I got back edits on my book, and some of the comments are pretty interesting. Clearly, my usage of "that" and "which" is almost as bad as guessing. Did you know that it is correct to say "435 BC", but then, "AD 800"? Or that there were two Rochefoucaulds? Further, somehow he/she was able to find my quotes of others, and though I thought I generally cut and pasted them directly from online texts, I made an unusual number of errors, perhaps as I re-wrote some parts from memory. Anyway, I'm spending a lot of time on it because I get only two weeks, and this is my last chance to make changes. I do find that having not had my manuscript for a while and looking at it anew, there are some plain errors, some really poor explanations.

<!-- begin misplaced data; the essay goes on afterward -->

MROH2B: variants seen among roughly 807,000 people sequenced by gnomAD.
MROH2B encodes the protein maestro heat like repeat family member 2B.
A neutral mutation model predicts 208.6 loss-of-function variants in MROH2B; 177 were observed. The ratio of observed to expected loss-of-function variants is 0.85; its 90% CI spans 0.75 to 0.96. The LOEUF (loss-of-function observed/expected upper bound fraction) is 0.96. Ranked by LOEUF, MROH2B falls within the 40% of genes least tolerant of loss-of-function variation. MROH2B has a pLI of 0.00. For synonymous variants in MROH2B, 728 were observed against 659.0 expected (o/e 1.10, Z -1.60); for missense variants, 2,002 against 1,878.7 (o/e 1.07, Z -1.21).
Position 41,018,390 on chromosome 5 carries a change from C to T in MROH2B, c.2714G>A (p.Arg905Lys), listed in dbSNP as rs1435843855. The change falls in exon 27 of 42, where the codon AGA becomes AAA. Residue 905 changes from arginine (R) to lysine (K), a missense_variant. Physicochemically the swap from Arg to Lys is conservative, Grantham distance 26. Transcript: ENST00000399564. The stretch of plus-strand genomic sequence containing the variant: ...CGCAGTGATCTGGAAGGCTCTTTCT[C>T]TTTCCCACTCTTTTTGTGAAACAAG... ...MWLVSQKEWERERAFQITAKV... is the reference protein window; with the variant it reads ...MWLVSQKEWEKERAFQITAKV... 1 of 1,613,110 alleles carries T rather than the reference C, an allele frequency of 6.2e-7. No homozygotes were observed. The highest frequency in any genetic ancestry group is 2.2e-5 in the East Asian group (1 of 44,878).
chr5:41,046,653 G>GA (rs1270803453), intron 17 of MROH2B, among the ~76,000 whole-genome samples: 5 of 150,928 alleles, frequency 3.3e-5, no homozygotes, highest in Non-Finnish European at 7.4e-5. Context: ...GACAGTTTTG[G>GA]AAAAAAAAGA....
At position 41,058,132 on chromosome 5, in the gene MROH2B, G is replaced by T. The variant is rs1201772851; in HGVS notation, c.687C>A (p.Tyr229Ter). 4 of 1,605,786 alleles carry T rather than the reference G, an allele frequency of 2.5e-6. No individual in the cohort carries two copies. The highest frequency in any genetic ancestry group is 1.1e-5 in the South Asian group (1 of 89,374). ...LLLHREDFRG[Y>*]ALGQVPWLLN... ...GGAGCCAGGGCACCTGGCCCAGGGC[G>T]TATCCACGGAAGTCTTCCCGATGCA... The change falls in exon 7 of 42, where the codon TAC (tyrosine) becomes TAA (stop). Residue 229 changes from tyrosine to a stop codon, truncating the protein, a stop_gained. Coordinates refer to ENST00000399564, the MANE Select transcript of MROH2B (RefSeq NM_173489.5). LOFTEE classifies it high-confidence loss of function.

It's funny because while I basically had the book done last spring and was very eager to get it out asap, the time since I got Wiley to publish it has really allowed me to make it much better, with often major substantive changes in my arguments. The process of a book, the time, the scope, the depth, make them a unique way to present an argument in a way that articles or blog posts simply can't match, because its a sustained, consistent argument. My hope is that the argument is consistent and concise as possible, because rarely do I read a 300 plus page book without thinking it could have been a 200 page book, where some chapters seem unnecessary.